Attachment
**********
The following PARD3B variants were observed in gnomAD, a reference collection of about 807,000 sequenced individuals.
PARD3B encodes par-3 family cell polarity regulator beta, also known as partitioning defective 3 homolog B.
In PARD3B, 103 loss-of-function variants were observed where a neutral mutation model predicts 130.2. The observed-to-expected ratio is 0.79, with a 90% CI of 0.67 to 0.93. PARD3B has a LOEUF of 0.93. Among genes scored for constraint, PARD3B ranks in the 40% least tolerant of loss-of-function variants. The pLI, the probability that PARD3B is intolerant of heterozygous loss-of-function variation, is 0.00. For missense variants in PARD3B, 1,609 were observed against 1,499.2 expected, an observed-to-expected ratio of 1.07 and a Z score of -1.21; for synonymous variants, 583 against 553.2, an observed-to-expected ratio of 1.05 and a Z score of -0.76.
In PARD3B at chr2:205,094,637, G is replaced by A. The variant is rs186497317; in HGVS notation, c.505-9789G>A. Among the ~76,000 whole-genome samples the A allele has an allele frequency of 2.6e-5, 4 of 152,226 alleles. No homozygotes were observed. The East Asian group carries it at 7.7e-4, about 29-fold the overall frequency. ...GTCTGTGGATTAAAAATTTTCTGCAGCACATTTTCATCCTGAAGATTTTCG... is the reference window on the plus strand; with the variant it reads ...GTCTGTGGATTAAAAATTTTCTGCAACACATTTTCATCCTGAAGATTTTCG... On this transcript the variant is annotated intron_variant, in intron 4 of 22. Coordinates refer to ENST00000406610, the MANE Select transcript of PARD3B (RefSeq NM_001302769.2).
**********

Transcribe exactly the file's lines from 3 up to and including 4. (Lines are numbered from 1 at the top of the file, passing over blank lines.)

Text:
In PARD3B, 103 loss-of-function variants were observed where a neutral mutation model predicts 130.2. The observed-to-expected ratio is 0.79, with a 90% CI of 0.67 to 0.93. PARD3B has a LOEUF of 0.93. Among genes scored for constraint, PARD3B ranks in the 40% least tolerant of loss-of-function variants. The pLI, the probability that PARD3B is intolerant of heterozygous loss-of-function variation, is 0.00. For missense variants in PARD3B, 1,609 were observed against 1,499.2 expected, an observed-to-expected ratio of 1.07 and a Z score of -1.21; for synonymous variants, 583 against 553.2, an observed-to-expected ratio of 1.05 and a Z score of -0.76.
In PARD3B at chr2:205,094,637, G is replaced by A. The variant is rs186497317; in HGVS notation, c.505-9789G>A. Among the ~76,000 whole-genome samples the A allele has an allele frequency of 2.6e-5, 4 of 152,226 alleles. No homozygotes were observed. The East Asian group carries it at 7.7e-4, about 29-fold the overall frequency. ...GTCTGTGGATTAAAAATTTTCTGCAGCACATTTTCATCCTGAAGATTTTCG... is the reference window on the plus strand; with the variant it reads ...GTCTGTGGATTAAAAATTTTCTGCAACACATTTTCATCCTGAAGATTTTCG... On this transcript the variant is annotated intron_variant, in intron 4 of 22. Coordinates refer to ENST00000406610, the MANE Select transcript of PARD3B (RefSeq NM_001302769.2).